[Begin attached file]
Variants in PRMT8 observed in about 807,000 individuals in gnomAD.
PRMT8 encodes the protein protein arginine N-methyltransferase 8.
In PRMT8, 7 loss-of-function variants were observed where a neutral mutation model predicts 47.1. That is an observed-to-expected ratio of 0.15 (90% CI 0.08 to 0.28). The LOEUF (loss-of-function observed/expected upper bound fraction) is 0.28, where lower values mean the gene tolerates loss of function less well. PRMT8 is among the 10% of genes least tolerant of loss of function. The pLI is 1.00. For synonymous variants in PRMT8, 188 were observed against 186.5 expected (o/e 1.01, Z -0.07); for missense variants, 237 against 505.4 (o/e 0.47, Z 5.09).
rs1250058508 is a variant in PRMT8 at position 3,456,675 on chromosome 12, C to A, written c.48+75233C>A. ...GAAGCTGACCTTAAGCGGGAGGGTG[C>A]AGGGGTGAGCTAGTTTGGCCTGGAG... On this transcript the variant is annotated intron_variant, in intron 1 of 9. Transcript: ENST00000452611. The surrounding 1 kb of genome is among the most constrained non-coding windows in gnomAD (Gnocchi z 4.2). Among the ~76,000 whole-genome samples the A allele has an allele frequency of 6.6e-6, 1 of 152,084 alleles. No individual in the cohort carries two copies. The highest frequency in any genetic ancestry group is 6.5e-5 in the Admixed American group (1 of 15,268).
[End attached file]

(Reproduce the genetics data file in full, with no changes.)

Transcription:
Variants in PRMT8 observed in about 807,000 individuals in gnomAD.
PRMT8 encodes the protein protein arginine N-methyltransferase 8.
In PRMT8, 7 loss-of-function variants were observed where a neutral mutation model predicts 47.1. That is an observed-to-expected ratio of 0.15 (90% CI 0.08 to 0.28). The LOEUF (loss-of-function observed/expected upper bound fraction) is 0.28, where lower values mean the gene tolerates loss of function less well. PRMT8 is among the 10% of genes least tolerant of loss of function. The pLI is 1.00. For synonymous variants in PRMT8, 188 were observed against 186.5 expected (o/e 1.01, Z -0.07); for missense variants, 237 against 505.4 (o/e 0.47, Z 5.09).
rs1250058508 is a variant in PRMT8 at position 3,456,675 on chromosome 12, C to A, written c.48+75233C>A. ...GAAGCTGACCTTAAGCGGGAGGGTG[C>A]AGGGGTGAGCTAGTTTGGCCTGGAG... On this transcript the variant is annotated intron_variant, in intron 1 of 9. Transcript: ENST00000452611. The surrounding 1 kb of genome is among the most constrained non-coding windows in gnomAD (Gnocchi z 4.2). Among the ~76,000 whole-genome samples the A allele has an allele frequency of 6.6e-6, 1 of 152,084 alleles. No individual in the cohort carries two copies. The highest frequency in any genetic ancestry group is 6.5e-5 in the Admixed American group (1 of 15,268).